GAO chief worried about growing investigations workload

Comptroller General David Walker said Tuesday he might have to consider turning down congressional requests for investigations because of a manpower shortage.

Appearing before the Senate Governmental Affairs Committee, which is chaired by Sen. Susan Collins, R-Maine, Walker outlined "special challenges" facing GAO. For example, the watchdog agency has a backlog of unstaffed requests.

"We are concerned that we may not be able to respond to engagements we accept in a timely manner if the backlog builds," he said. In that case, he added, he and key congressional committees may have to make "some tough choices, such as possibly reconsidering and reprioritizing any pending requests and not being able to accept requests from individual members."

Walker said that following its highly publicized clash with Vice President Cheney over the administration's refusal to turn over records of Cheney's National Energy Policy Development Group, the agency has "not experienced thus far a proliferation" of access denials. But he warned investigations would be impeded if that does occur.

On agency accomplishments, Walker said GAO saved the government $37.7 billion in fiscal 2002, compared to $19.7 billion in 1998, when Walker took the job.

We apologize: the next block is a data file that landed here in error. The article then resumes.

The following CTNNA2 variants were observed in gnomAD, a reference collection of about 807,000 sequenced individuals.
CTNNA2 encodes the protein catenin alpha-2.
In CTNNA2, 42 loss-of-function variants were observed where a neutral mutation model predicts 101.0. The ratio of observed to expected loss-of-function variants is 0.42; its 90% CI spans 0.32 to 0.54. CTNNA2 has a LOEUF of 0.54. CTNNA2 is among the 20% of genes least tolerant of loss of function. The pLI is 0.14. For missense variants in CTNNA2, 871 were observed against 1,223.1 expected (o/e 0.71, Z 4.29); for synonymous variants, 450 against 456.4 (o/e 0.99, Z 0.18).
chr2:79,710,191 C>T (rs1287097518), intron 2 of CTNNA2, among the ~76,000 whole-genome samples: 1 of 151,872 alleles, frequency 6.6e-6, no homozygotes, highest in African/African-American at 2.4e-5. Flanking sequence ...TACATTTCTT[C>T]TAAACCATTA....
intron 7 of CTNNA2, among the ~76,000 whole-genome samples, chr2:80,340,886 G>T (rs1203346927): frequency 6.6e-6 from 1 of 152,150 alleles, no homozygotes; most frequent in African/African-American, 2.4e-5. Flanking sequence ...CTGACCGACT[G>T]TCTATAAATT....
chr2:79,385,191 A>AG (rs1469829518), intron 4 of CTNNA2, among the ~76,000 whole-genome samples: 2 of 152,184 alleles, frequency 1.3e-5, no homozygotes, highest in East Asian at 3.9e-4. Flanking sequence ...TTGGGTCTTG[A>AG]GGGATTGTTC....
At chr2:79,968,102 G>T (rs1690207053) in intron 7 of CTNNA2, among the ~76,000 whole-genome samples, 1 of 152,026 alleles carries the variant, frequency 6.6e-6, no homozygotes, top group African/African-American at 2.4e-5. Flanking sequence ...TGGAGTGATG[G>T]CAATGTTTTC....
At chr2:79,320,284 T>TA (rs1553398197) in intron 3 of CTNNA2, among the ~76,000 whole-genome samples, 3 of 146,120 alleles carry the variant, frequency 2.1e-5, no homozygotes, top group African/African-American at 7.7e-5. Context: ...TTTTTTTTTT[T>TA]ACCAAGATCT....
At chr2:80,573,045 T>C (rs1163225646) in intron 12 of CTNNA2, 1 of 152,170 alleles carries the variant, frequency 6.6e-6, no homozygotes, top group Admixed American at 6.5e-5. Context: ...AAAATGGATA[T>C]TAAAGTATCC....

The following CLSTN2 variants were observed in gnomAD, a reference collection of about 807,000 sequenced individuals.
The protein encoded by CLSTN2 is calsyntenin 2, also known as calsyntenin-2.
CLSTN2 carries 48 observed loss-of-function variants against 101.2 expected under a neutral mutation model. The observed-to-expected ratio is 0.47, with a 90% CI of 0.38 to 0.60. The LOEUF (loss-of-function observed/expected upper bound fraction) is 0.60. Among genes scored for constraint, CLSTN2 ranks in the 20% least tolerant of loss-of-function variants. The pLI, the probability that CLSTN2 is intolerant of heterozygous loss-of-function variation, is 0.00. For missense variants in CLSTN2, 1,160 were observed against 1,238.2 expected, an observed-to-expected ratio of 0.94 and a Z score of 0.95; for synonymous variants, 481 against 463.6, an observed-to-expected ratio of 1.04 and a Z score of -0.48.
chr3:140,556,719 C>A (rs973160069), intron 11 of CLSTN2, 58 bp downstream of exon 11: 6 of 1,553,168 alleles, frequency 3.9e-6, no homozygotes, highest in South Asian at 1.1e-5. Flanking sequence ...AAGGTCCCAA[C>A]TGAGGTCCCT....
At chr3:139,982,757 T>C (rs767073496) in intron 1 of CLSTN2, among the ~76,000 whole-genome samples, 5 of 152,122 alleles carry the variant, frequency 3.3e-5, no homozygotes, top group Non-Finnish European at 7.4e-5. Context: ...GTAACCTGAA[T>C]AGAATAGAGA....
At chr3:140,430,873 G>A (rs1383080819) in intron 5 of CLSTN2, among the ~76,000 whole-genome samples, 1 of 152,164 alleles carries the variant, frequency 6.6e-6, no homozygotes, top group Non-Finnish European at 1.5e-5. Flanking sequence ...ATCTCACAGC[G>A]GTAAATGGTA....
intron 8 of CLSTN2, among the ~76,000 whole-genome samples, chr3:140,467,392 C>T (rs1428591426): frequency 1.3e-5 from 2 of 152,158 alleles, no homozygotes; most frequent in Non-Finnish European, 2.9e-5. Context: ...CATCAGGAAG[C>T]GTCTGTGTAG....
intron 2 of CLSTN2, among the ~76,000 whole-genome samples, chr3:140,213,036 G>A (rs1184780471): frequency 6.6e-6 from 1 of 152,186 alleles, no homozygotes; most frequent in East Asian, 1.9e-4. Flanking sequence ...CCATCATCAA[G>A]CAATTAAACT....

However, an outside GAO reviewer, Maurice McTigue, questioned whether higher savings is a good sign. McTigue, director of the Government Accountability Project at the Mercatus Center at George Mason University, said money recovery is "a significant achievement but what does it tell us?" He testified: "Is the problem of bad behavior by government organizations getting worse? GAO's reporting falls short of giving us a picture of improvement or deterioration in management practices in government organizations."

McTigue, a former member of the New Zealand Parliament, also suggested that GAO, which he called the "best of the best" in government, take on a role of monitoring whether the Justice Department is impeding civil liberties because of expanded police powers.

"It seems to me that an organization like GAO has the reputation for credibility and integrity to be able to examine the use of these powers in confidence," McTigue said.

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